14 MARCH 1846, Page 18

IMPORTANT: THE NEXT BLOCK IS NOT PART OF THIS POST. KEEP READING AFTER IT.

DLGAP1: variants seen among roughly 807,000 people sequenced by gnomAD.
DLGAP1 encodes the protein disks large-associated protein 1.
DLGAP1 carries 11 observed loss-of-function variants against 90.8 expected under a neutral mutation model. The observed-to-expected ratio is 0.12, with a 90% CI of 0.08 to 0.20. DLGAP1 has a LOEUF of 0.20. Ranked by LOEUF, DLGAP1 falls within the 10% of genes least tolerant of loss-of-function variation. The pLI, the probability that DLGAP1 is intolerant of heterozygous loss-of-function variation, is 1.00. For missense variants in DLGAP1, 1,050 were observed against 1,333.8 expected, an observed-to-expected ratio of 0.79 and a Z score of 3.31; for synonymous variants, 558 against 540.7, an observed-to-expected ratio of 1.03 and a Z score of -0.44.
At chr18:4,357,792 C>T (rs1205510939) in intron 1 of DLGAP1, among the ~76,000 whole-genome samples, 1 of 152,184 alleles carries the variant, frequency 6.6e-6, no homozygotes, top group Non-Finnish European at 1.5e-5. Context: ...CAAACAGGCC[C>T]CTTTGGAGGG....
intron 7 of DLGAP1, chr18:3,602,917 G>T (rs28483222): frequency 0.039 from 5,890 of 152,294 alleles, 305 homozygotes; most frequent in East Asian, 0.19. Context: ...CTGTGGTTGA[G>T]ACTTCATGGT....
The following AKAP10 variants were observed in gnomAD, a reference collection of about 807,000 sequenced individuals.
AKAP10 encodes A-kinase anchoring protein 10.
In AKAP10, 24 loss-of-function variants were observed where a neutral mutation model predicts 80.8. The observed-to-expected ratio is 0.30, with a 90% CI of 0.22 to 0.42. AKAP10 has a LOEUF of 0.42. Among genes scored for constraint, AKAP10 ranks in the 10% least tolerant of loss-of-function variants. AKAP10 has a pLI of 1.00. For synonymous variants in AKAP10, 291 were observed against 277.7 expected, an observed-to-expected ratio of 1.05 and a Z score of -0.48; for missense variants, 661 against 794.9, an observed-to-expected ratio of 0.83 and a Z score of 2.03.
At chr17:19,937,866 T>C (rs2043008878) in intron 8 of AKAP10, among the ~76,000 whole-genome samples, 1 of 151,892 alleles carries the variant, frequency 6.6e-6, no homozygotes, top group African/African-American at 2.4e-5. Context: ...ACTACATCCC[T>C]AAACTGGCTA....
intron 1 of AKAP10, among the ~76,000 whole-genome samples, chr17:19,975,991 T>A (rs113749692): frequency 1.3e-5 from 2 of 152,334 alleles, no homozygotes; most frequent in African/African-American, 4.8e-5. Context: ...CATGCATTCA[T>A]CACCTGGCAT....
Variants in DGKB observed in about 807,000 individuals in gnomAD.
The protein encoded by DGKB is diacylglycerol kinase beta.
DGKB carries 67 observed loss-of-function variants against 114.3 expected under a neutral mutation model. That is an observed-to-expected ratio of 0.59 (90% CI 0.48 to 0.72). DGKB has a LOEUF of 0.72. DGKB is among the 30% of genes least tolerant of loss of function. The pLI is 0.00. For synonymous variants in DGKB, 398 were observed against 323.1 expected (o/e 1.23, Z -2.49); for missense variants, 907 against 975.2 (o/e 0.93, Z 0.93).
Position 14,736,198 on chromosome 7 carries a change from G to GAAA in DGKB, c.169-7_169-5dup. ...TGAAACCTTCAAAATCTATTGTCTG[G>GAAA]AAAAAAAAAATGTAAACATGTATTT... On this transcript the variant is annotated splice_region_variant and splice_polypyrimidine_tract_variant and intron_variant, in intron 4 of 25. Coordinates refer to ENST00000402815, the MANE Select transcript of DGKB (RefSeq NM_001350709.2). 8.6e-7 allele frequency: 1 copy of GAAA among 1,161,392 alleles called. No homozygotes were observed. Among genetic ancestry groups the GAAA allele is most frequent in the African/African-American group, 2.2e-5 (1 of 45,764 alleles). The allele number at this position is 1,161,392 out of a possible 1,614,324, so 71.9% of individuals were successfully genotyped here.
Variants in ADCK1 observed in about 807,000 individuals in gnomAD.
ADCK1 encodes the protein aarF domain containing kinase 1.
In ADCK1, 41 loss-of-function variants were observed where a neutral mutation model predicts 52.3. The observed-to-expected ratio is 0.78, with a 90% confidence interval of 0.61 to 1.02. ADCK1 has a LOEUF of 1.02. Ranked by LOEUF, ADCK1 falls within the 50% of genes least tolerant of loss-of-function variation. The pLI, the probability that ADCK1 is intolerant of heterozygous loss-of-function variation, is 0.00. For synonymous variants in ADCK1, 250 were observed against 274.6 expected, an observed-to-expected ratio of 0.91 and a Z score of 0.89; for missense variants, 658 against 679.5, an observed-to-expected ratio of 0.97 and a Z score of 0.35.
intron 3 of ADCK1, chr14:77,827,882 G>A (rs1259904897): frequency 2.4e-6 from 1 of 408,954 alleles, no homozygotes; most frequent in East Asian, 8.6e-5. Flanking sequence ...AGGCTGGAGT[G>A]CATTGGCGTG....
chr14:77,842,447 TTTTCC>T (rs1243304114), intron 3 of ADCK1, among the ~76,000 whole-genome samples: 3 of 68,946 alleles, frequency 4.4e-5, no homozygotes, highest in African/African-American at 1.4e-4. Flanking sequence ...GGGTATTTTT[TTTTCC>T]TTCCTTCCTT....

THE Ancient Concert season began on Wednesday; and it promises to be productive, as several of the past seasons have been, of considerable interest and even novelty,—for the old, when forgotten and revived, becomes new The Directors of the "Concert of Ancient Music" appear to have shaken off the sloth of half a century; a change which we may fairly ascribe to the examp:e and influence of Prince Albert, since he became one of their number. The Prince, himself a good musician, knows how such matters ought to be managed; and his youthful and stirring spirit seems to have roused into something like action the Prelates, Dukes, and Earls, who so long dosed in their directorial chairs, While their duties were performed—or rather neglected—by Mr. Greatorex and Mr. William Knyvett. The con stant employment, too, since Mr. Knyvett's resignation, of Sir Henry Bishop as the professional conductor of the concerts, (though, we believe, Sir Henry holds no permanent appointment,) has greatly conduced to the ins, provement of their quality. Bishop is a true musician well read in the learning of his art, as well as skilled in its practice. musician, with the great and beautiful in every school, he turns his knowledge to the benefit of the Ancient Concerts; and his active research has brought to light more forgotten gems of the olden time, in the or four years, than lied been dis- covered in the previous twenty. Of this activity the concert of Wednesday last, under the direction ot the Earl of Cawdor, gave proof. The following pieces, all of them pos- sessed of some remarkable feature, were performed for the first time at these concerts—The first movement of a Te Deum by Hasse; an air from the Carattaco of John Christian Bach; a Graduate by the Abbe Vogler,— one of the greatest ecclesiastical composers of his day, though his name is tarnished by his conduct towards Mozart; a pretty glee by old Henry Lewes, quite sufficient to expose the injustice of Burney's estimate of hiss merit; a beautiful scena from the Inez di Castro of Bianchi; one of those masterly duets of Steffani which Handel avowedly took for a model in his own Italian chamber-duets-' and lastly, an elegant duet from one of the operas of Buononcini, the famous rival of Handel. A concert containing so many pieces previously unknown to the public, besides several magni ficent compositions of Handel, Purcell, Gluck, and Graun, afforded a musical treat of no common kind. The performance, generally speaking, was excellent. The principal singers were Madame Caradori Allan, Miss Dolby, Mrs. Sunderland, (a recent debutante at Exeter Hall) Signor F. Lablache, Mr. Allen, Mr. Hawkins, and Mr. Machin. The principal faults were loudness, frequently overwhelming, in the instrumental orchestra; and alterations (which Sir Henry Bishop is too fond of making) on this simple scores of the old masters, by loading them with noisy parts for the brass instruments.